After days of protests, Hong Kong Chief Executive Carrie Lam has announced that the government will suspend its controversial extradition bill.
Hong Kong protesters who packed streets Sunday remained defiant, rejecting a government apology for the handling of an extradition bill that has prompted outrage and fears of Beijing’s expanding control over the former British colony.
And pro-democracy activists say they will press on with a general strike Monday.
A statement, which was credited to an unidentified government spokesman, said unspecified “deficiencies in the government’s work had led to substantial controversies and disputes in society, causing disappointment and grief among the people.”
Chief Executive Carrie Lam “apologized to the people of Hong Kong for this and pledged to adopt a most sincere and humble attitude to accept criticisms and make improvements in serving the public.”
The apology came 24 hours after Lam announced her decision to suspend legislation that would allow some suspects to be sent for trial in mainland China, a move critics see as a ploy to undermine Hong Kong’s autonomy.
Lam’s announcement failed to appease the hundreds of thousands of protesters, who are calling for a total withdrawal of the bill as well as Lam’s resignation.
“Our demands are simple. Carrie Lam must leave office, the extradition law must be withdrawn, and the police must apologize for using extreme violence against their own people,” bank worker John Chow said as he marched with a group of his friends. “And we will continue.”
Sunday’s march echoed one a week earlier that brought as many as 1 million people out to express their concern over Hong Kong’s relations with mainland China. The marchers seemed to be less concerned with hiding their identities compared to demonstrations Wednesday, when participants expressed worries over possible retribution from authorities.
Many believe Hong Kong’s legal autonomy has been significantly diminished despite Beijing’s insistence that it is still honoring its promise – dubbed “one country, two systems” – that the territory can retain its own social, legal and political system for 50 years after China absorbed Hong Kong in a 1997 handover.
Lam says the extradition legislation is needed to uphold justice and protect Hong Kong from becoming a haven for fugitives. The proposed bill would allow criminal suspect transfers to include Taiwan, Macau and mainland China.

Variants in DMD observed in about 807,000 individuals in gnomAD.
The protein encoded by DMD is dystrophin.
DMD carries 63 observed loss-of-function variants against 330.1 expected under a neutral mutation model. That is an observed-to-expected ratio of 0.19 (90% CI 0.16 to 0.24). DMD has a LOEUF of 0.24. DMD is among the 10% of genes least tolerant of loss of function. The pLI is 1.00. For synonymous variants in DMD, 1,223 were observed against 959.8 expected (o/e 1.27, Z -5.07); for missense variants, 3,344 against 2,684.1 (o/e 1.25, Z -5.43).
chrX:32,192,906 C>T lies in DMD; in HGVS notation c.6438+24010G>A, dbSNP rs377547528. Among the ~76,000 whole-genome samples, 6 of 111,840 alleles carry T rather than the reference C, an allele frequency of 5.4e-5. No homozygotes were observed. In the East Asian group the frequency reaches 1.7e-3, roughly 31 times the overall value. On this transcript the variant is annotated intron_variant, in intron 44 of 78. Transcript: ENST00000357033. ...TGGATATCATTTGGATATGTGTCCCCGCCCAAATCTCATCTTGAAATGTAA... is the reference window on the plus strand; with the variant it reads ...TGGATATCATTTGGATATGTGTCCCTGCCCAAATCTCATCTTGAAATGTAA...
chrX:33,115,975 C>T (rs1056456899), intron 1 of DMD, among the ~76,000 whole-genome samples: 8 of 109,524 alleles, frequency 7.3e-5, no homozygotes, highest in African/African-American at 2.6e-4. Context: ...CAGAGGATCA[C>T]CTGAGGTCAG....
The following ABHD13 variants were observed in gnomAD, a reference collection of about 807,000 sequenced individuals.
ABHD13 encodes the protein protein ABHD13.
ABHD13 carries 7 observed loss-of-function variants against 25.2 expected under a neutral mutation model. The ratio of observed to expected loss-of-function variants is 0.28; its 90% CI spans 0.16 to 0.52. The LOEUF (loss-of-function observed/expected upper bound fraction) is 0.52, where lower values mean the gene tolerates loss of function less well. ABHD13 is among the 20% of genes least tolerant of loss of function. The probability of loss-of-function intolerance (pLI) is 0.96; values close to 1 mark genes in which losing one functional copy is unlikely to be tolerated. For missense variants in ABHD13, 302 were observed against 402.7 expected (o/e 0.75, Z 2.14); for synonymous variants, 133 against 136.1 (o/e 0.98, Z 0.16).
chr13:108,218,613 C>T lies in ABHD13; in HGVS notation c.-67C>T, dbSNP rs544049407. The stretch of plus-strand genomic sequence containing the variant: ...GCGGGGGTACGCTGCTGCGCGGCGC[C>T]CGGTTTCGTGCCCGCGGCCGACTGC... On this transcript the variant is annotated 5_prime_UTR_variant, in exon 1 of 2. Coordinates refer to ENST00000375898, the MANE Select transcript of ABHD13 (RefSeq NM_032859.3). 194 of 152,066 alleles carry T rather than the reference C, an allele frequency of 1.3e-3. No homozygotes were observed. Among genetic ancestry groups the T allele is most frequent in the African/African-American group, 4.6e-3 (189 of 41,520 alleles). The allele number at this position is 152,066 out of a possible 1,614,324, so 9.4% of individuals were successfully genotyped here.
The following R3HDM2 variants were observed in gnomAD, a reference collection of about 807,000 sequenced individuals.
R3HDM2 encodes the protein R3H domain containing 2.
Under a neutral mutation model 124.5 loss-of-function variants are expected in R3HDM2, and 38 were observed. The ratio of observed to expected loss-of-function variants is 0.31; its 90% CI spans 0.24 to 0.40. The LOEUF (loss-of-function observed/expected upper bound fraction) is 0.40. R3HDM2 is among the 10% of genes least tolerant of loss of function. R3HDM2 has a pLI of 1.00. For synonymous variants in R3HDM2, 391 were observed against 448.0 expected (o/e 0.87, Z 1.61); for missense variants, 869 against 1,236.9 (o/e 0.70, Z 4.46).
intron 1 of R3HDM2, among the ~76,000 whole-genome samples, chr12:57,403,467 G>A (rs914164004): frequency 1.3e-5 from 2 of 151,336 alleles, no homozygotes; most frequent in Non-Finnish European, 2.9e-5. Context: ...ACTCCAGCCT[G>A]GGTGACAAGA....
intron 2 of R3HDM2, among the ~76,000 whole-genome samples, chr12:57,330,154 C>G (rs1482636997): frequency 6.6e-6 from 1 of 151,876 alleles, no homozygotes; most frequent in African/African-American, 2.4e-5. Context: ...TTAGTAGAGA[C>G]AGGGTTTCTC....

So far, China has been excluded from Hong Kong’s extradition agreements because of concerns over its judicial independence and human rights record.
“There’s always been a sense in Hong Kong that the mainland system would disrupt the Hong Kong system as we know it,” Michael C. Davis, a former professor at the University of Hong Kong, told USA TODAY. “It’s not just autonomy, but it’s the very identity of Hong Kong people. They don’t want to become just another Chinese city. They’re an international city.”
Prosecutions of activists, detentions without trial of five Hong Kong book publishers and the illegal seizure in Hong Kong by mainland agents of at least one businessman are among moves in recent years that have unnerved many in the city of 7 million.
Protesters are also concerned with the way police have responded to them: Officers have used tear gas, rubber bullets and other aggressive measures when demonstrators stormed barricades outside the city government’s headquarters.
The protests over the weekend saw one casualty, a man dubbed the Raincoat Martyr, according to the South China Morning Post. He fell to his death Saturday evening after hanging a banner that read in part, “Make Love, No Shoot” and “No Extradition to China.”
The man missed a big cushion set up to capture him after clinging for a time to scaffolding outside a shopping mall and was declared dead at a nearby hospital.
“I’m devastated. Everybody here is using their own voice, however small that may be, to say to the government: Withdraw, don’t just pause, the bill,” Miss Cheung, a 62-year-old translator, told the South China Morning Post after placing flowers outside the mall.
Activists have scheduled a general strike Monday despite Lam’s decision to suspend work on the legislation. Some labor unions, teachers associations and other groups were planning boycotts of work and classes.
“We encourage all the public to carry on the campaign,” said Bonny Leung, a leader of the pro-democracy group Civil Human Rights Front.
After Lam announced she was suspending the legislation to avoid more violence, Chinese government officials issued multiple statements backing that decision. Lam, however, made clear she was not withdrawing it.
She has sidestepped questions over whether she should quit and also defended how the police dealt with last week’s clashes with demonstrators.
Contributing: The Associated Press
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